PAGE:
Metro, News

R.I. standardized test scores fall short of M.A.

Recently implemented testing system enables comparison between Rhode Island, Mass.

By
Senior Staff Writer
Thursday, February 28, 2019

Rhode Island Comprehensive Assessment System test results from November 2018 show that Rhode Island school districts lag far behind their Massachusetts neighbors.

The standardized test was implemented in Spring 2017 for public school students in grades three through eight. Rhode Island students scored consistently lower than their peers in Massachusetts; the average gap between the states’ scores was 17 percent in English and 20 percent in math, according to The Providence Journal. These results were “sobering,” said Meg Geoghegan, communications director at the Rhode Island Department of Education, adding “If R.I. were a district in Massachusetts, we would be in the lowest 10 percent.”

The RICAS is identical to the Massachusetts Comprehensive Assessment System, so adopting this test allows for “an apples-to-apples comparison to Massachusetts,” Geoghegan said. “This a comparison we want … (and) need to make.”

“The unexpected headline … is that the RICAS results are a huge success” because they have captured attention and sparked dialogue around long-term education strategies in Rhode Island, Geoghegan said. She added that the ability to compare local communities with those in neighboring Seekonk mobilized Rhode Islanders on this issue.

Kenneth Wong, professor of education policy and director of the Urban Education Policy Program, called the RICAS results “a wake-up call,” adding that “it is a good opportunity for educators as well as major stakeholders, the governor, the commissioner, even the state board and universities, for example, to work together to come up with a plan.”

The plan could mirror Massachusetts’ long-term plans, which have led to an education turnaround called the “Massachusetts Miracle,” Geoghegan said.

Massachusetts wasn’t always doing so well. “Massachusetts in 1998, when (education reform) started there, was basically on par (with) where we are today,” Geoghegan said. “We’ve adopted elements of what they’ve done, but really Massachusetts has had a comprehensive long-term strategy, and we need to do the same.”

Today, Massachusetts is ranked the No. 1 state in public education nationwide, according to USNews & World Report. Rhode Island comes in at No. 9.

Rhode Island adopted Common Core State Standards in 2010, which set guidelines for performance in English Language and Mathematics. In conjunction with the recent adoption of RICAS, the state has prioritized promoting the standards in Common Core. These core principles include high-quality curriculum, ongoing professional learning for teachers and strong foundations for students, Geoghegan said. Particular areas of focus will include early literacy, middle school math and “career pathways for students.”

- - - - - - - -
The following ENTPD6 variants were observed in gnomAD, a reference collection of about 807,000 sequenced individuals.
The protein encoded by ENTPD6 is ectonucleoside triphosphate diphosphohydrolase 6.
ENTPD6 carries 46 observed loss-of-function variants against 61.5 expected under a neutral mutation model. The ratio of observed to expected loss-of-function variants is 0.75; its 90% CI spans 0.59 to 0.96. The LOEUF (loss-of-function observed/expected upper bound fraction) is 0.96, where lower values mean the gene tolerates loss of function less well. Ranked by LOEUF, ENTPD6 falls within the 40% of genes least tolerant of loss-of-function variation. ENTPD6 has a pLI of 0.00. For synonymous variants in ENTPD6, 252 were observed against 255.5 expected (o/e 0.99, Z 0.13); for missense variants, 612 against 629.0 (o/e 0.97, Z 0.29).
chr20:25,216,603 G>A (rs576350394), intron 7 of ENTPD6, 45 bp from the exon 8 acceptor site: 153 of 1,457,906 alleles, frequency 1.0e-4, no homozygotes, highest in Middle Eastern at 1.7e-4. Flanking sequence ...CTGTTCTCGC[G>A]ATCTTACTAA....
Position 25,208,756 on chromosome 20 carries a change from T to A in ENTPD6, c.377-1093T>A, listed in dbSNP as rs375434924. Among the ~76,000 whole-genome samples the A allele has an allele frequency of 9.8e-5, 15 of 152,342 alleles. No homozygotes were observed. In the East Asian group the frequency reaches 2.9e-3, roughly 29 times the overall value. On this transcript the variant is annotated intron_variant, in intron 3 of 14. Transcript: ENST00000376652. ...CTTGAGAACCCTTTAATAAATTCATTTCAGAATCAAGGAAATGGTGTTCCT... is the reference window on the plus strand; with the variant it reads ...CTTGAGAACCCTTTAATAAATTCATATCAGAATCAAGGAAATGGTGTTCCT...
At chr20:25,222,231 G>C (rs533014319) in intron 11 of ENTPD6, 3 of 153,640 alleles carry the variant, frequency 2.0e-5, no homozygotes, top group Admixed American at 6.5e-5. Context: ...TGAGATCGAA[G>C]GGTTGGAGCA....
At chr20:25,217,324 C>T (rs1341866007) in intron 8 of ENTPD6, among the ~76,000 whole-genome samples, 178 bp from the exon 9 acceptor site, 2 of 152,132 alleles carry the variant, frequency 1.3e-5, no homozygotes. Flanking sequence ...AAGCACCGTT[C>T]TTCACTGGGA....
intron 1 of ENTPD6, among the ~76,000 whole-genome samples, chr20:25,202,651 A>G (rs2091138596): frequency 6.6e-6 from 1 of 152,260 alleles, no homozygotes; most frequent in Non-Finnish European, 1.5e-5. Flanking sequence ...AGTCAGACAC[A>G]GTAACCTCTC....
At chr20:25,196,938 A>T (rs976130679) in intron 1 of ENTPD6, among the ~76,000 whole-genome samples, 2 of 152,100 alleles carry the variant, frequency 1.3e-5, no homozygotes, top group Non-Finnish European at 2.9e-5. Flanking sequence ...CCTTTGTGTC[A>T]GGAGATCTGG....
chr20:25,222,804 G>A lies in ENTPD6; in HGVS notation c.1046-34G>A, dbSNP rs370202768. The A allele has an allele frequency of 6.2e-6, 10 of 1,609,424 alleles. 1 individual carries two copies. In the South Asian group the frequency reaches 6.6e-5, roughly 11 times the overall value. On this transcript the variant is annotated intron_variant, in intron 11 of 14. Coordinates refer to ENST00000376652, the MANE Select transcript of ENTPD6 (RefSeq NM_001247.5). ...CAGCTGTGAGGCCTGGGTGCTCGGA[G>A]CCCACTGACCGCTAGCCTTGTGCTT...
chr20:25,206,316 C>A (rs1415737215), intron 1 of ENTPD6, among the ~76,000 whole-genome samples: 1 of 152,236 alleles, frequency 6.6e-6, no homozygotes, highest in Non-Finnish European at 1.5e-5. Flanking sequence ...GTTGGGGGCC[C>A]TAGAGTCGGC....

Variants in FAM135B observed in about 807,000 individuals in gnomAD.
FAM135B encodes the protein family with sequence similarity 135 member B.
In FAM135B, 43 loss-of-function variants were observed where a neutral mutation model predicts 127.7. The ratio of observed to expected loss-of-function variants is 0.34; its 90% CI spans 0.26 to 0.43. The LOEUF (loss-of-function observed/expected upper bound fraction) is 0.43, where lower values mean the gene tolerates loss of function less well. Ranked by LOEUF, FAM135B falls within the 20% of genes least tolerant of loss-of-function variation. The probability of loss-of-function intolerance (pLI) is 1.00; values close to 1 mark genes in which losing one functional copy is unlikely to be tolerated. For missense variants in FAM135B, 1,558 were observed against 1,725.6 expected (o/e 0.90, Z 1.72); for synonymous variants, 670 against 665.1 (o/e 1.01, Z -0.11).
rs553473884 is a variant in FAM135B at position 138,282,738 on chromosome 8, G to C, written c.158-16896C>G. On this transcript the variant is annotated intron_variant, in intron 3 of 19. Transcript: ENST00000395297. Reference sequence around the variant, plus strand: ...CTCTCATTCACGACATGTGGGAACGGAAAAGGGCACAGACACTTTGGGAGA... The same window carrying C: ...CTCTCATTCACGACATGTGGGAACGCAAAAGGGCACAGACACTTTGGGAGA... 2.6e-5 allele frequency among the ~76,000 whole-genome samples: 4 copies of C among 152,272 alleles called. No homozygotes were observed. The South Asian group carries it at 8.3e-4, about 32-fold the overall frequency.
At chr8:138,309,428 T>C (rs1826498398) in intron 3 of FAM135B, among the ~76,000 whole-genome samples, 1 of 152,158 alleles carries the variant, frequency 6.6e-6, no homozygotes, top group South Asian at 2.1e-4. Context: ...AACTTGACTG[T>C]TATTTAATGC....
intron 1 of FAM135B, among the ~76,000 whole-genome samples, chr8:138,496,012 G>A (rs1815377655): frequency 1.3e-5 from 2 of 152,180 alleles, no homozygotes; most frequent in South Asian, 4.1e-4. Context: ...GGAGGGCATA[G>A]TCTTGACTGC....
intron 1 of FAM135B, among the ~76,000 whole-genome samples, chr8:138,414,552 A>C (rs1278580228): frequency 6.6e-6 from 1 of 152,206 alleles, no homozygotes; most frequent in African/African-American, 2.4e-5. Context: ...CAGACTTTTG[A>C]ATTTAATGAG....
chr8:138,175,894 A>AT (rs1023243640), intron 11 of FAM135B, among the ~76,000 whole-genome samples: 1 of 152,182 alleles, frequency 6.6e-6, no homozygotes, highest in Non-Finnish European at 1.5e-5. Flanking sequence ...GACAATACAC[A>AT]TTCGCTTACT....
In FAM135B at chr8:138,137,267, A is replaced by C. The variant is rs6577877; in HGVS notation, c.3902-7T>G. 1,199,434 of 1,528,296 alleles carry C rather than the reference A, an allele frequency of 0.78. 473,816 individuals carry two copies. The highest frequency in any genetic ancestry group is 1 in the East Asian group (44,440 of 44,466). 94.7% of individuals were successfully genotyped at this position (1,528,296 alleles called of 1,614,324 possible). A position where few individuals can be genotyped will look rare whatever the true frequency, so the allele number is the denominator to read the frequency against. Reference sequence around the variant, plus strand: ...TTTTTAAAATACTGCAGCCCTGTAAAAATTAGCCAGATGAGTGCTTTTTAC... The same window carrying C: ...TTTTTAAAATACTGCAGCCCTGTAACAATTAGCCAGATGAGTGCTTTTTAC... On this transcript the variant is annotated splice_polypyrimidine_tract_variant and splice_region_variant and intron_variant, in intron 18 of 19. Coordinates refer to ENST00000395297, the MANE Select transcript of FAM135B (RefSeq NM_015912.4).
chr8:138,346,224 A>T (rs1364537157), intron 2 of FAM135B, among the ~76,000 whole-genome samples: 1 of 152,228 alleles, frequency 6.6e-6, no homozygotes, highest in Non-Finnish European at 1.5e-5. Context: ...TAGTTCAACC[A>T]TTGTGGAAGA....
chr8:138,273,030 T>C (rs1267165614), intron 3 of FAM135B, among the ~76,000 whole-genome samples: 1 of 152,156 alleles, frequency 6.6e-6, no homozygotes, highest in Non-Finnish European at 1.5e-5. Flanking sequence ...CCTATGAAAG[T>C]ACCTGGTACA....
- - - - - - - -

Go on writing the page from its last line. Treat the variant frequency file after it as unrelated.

Director of the Rhode Island Association of School Committees Timothy Duffy said that adopting the test of the best statewide performing school system in the country “sets a very high bar” and warned that “there can’t be any fundamental changes” to this current strategy. “We need to settle on a course of action,” Duffy said. “If these are our standards, and this is the assessment that measures our ability to reach those standards, then we have to stay with it, regardless of who happens to be running the department.”

Geoghegan echoed Duffy’s concerns, emphasizing that when faced with similar problems, Massachusetts remained committed to their original plan. “The most important thing for us right now is that we can’t blink. …We have to really stay focused on those core principles that influence education,” she said.

The switch to the RICAS is part of a more general effort to better inform the public of Rhode Island schools’ performance.

“We have kind of a new level of data transparency,” Geoghegan said. In addition to the new test, RIDE introduced an online Report Card platform last December to share diverse assessment information about every school. Beyond assessment results such as an overall performance rating of the schools, the Report Card platform displays “a broader range of measures,” including student and teacher chronic absenteeism. “Rhode Island was the only state to include teacher absenteeism as an accountability measure,” Geoghegan added.

According to Geoghegan, the RICAS and Report Card platform are helpful in gaining “the most complete picture that you can for school and district performance and then using that to move forward on meaningful policy.”

RICAS has the potential to improve Rhode Island education, according to Geoghegan: “I think it’s a good starting point.”